On October 21, 1962, Sylvia Plath wrote one poem that became two. The original two-section poem, which she called “Amnesiac,” separated when The New Yorker accepted one of the sections and not the other.
She was left with the first, rejected section, which she then titled “Lyonnesse,” and the second, New-Yorker-published section, “Amnesiac.”
Both poems begin with the same phrase: “No use.”
“No use whistling for Lyonnesse!” “No use, no use, now, begging Recognize!”
“Amnesiac” is a rant at Ted Hughes, not at all disguised by her use of the third person. She accuses him of forgetting their life together and abandoning her and their children.
In “Lyonnesse,” she accuses God, “the big God,” of forgetting the ancient country that bordered Cornwall, which, according to legend, sank into the sea.
“Lyonnesse” continues: “Sea-cold, sea-cold, it certainly is” – a reply to Walter de la Mare’s “Sunk Lyonesse” which begins “In sea-cold Lyonesse…”
Thanks to her habit of journal-keeping and her resolve to memorialize her experience in writing, Sylvia forgot nothing.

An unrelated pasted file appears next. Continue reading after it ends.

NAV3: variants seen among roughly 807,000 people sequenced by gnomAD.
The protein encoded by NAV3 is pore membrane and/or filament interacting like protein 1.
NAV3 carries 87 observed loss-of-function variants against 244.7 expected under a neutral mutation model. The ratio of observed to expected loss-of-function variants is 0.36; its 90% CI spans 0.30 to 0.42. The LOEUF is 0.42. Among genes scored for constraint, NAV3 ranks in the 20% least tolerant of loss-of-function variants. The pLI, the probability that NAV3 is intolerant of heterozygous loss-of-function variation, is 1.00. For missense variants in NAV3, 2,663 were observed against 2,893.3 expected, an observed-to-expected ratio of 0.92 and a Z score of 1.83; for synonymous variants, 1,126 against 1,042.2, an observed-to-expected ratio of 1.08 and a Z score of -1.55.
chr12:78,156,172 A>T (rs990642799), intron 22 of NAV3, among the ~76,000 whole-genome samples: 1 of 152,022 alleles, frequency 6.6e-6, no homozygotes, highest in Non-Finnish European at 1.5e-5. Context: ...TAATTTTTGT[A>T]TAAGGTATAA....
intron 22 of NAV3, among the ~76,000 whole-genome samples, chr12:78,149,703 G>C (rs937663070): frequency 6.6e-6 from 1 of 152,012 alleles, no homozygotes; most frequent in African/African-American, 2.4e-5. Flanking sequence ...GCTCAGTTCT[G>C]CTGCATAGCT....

On March 4, 1963, three weeks after her daughter’s suicide, Aurelia Plath wrote an open letter to The Observer in London, to “thank the many kind people…who helped and befriended” Sylvia.
The letter continues: “Those who systematically and deliberately destroyed her know who they are.” Next to this sentence, Aurelia wrote in pencil “A & T” – Assia, the woman for whom Ted Hughes left Sylvia, and Ted.
At the top of the page, Aurelia wrote “Not Sent! No use now!”
This is the difference between being forgotten and trying to forget. The survivor tries to forget. She can no longer act in the interest of the one who’s gone
and my writing this is no use (“No use!” screams the corpse) and not in the interest of you.